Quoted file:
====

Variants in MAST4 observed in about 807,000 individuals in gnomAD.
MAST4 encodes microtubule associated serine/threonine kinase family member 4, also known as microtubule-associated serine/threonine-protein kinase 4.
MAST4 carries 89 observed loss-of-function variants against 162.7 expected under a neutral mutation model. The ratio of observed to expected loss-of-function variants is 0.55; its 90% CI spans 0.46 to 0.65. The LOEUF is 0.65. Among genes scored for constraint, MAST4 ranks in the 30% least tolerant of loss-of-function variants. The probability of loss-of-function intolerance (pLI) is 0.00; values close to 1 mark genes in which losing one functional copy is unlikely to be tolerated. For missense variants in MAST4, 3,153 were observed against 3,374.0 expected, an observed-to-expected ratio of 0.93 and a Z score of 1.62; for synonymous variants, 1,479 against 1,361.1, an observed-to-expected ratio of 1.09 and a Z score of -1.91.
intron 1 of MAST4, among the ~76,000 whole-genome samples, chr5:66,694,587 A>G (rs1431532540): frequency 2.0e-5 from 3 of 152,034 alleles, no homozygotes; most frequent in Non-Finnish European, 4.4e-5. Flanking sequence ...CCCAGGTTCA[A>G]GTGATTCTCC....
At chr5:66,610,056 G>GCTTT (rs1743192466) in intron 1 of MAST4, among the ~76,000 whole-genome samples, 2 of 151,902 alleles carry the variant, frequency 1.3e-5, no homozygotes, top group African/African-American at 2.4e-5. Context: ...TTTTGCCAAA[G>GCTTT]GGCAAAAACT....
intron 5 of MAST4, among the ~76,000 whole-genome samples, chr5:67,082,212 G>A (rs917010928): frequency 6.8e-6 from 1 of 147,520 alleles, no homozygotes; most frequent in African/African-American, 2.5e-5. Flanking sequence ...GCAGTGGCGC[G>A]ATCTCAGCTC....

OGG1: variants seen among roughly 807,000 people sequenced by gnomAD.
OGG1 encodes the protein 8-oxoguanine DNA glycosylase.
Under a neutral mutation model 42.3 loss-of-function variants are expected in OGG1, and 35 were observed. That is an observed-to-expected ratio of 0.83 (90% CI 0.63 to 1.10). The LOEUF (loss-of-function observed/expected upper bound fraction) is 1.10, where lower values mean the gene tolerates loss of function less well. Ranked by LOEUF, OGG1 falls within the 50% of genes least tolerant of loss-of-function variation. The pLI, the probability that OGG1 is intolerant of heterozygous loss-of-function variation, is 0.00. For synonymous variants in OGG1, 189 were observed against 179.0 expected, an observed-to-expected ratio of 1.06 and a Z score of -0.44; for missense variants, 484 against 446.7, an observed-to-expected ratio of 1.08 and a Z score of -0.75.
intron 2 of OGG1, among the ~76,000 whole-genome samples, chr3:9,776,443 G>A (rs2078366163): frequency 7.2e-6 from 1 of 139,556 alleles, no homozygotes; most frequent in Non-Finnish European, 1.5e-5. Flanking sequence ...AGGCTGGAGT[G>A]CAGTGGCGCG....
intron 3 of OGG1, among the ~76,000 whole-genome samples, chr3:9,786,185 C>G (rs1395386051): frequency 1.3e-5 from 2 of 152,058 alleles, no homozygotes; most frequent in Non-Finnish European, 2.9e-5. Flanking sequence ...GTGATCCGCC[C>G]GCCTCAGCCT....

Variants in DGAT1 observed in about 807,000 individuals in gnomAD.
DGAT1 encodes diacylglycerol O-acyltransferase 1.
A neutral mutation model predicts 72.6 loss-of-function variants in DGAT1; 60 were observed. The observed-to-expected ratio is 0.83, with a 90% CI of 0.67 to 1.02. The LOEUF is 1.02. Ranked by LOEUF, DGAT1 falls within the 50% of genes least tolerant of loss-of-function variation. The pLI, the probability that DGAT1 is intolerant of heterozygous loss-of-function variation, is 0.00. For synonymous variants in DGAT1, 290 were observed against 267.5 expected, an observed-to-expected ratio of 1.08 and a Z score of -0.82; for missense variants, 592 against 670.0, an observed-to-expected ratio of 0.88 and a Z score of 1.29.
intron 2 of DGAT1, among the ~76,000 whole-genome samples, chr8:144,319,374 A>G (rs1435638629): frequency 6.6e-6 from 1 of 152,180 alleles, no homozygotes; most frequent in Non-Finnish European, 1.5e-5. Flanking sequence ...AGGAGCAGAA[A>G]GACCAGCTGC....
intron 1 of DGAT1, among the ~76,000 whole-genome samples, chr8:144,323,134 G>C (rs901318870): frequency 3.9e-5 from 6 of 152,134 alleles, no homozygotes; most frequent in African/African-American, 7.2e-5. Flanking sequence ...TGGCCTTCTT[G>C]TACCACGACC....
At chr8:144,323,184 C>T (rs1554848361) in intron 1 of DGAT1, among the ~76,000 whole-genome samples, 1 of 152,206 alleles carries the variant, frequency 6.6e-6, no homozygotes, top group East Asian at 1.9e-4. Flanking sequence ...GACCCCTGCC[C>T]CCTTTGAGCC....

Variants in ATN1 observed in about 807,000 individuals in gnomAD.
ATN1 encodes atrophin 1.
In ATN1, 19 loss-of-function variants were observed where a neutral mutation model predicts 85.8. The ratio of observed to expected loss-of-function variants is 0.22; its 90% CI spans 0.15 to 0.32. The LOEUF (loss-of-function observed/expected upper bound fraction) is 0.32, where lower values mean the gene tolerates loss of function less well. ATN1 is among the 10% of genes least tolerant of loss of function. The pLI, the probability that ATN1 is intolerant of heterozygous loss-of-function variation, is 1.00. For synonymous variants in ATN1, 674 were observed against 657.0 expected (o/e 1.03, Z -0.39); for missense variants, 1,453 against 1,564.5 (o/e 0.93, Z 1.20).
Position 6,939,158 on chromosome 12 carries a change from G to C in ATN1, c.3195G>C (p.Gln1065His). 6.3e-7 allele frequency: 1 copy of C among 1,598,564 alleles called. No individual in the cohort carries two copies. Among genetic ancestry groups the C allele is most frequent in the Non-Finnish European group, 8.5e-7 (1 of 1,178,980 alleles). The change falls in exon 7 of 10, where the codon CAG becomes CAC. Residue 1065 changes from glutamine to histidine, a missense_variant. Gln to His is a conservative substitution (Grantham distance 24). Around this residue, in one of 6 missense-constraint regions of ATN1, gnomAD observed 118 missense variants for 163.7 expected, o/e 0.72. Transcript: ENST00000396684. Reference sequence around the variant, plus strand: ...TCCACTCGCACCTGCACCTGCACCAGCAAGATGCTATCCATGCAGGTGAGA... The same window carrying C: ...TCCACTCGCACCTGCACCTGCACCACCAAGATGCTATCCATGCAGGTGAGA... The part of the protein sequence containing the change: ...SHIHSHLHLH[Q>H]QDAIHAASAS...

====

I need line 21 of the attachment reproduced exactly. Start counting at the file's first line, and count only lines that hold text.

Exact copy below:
Position 6,939,158 on chromosome 12 carries a change from G to C in ATN1, c.3195G>C (p.Gln1065His). 6.3e-7 allele frequency: 1 copy of C among 1,598,564 alleles called. No individual in the cohort carries two copies. Among genetic ancestry groups the C allele is most frequent in the Non-Finnish European group, 8.5e-7 (1 of 1,178,980 alleles). The change falls in exon 7 of 10, where the codon CAG becomes CAC. Residue 1065 changes from glutamine to histidine, a missense_variant. Gln to His is a conservative substitution (Grantham distance 24). Around this residue, in one of 6 missense-constraint regions of ATN1, gnomAD observed 118 missense variants for 163.7 expected, o/e 0.72. Transcript: ENST00000396684. Reference sequence around the variant, plus strand: ...TCCACTCGCACCTGCACCTGCACCAGCAAGATGCTATCCATGCAGGTGAGA... The same window carrying C: ...TCCACTCGCACCTGCACCTGCACCACCAAGATGCTATCCATGCAGGTGAGA... The part of the protein sequence containing the change: ...SHIHSHLHLH[Q>H]QDAIHAASAS...